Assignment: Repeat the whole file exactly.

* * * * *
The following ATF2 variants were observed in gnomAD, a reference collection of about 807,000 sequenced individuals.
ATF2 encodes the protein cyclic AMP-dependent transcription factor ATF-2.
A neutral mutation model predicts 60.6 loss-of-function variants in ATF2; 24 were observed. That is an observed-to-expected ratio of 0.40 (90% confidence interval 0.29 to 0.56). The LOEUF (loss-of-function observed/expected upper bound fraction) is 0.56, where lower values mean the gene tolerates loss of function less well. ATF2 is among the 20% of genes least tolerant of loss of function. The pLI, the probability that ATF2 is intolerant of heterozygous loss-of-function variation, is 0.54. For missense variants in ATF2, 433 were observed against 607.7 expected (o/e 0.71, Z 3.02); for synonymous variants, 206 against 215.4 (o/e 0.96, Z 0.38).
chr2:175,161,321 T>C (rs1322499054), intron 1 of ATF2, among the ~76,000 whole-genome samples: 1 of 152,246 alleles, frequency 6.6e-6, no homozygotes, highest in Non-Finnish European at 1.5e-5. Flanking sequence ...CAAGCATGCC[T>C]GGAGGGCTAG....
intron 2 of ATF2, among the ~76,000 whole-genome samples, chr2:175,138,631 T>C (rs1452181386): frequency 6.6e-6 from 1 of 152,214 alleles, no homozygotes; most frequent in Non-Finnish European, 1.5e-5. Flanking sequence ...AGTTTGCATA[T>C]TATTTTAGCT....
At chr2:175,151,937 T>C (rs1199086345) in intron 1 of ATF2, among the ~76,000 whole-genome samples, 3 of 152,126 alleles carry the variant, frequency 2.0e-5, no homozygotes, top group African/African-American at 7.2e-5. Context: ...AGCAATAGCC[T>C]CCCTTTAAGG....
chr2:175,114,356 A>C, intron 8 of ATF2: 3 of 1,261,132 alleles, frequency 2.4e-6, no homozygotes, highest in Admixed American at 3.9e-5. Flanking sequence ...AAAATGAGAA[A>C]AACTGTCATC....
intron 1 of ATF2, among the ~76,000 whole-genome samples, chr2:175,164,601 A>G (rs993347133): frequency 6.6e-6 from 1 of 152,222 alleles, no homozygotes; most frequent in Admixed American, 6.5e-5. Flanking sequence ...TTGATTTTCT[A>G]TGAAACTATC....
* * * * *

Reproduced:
The following ATF2 variants were observed in gnomAD, a reference collection of about 807,000 sequenced individuals.
ATF2 encodes the protein cyclic AMP-dependent transcription factor ATF-2.
A neutral mutation model predicts 60.6 loss-of-function variants in ATF2; 24 were observed. That is an observed-to-expected ratio of 0.40 (90% confidence interval 0.29 to 0.56). The LOEUF (loss-of-function observed/expected upper bound fraction) is 0.56, where lower values mean the gene tolerates loss of function less well. ATF2 is among the 20% of genes least tolerant of loss of function. The pLI, the probability that ATF2 is intolerant of heterozygous loss-of-function variation, is 0.54. For missense variants in ATF2, 433 were observed against 607.7 expected (o/e 0.71, Z 3.02); for synonymous variants, 206 against 215.4 (o/e 0.96, Z 0.38).
chr2:175,161,321 T>C (rs1322499054), intron 1 of ATF2, among the ~76,000 whole-genome samples: 1 of 152,246 alleles, frequency 6.6e-6, no homozygotes, highest in Non-Finnish European at 1.5e-5. Flanking sequence ...CAAGCATGCC[T>C]GGAGGGCTAG....
intron 2 of ATF2, among the ~76,000 whole-genome samples, chr2:175,138,631 T>C (rs1452181386): frequency 6.6e-6 from 1 of 152,214 alleles, no homozygotes; most frequent in Non-Finnish European, 1.5e-5. Flanking sequence ...AGTTTGCATA[T>C]TATTTTAGCT....
At chr2:175,151,937 T>C (rs1199086345) in intron 1 of ATF2, among the ~76,000 whole-genome samples, 3 of 152,126 alleles carry the variant, frequency 2.0e-5, no homozygotes, top group African/African-American at 7.2e-5. Context: ...AGCAATAGCC[T>C]CCCTTTAAGG....
chr2:175,114,356 A>C, intron 8 of ATF2: 3 of 1,261,132 alleles, frequency 2.4e-6, no homozygotes, highest in Admixed American at 3.9e-5. Flanking sequence ...AAAATGAGAA[A>C]AACTGTCATC....
intron 1 of ATF2, among the ~76,000 whole-genome samples, chr2:175,164,601 A>G (rs993347133): frequency 6.6e-6 from 1 of 152,222 alleles, no homozygotes; most frequent in Admixed American, 6.5e-5. Flanking sequence ...TTGATTTTCT[A>G]TGAAACTATC....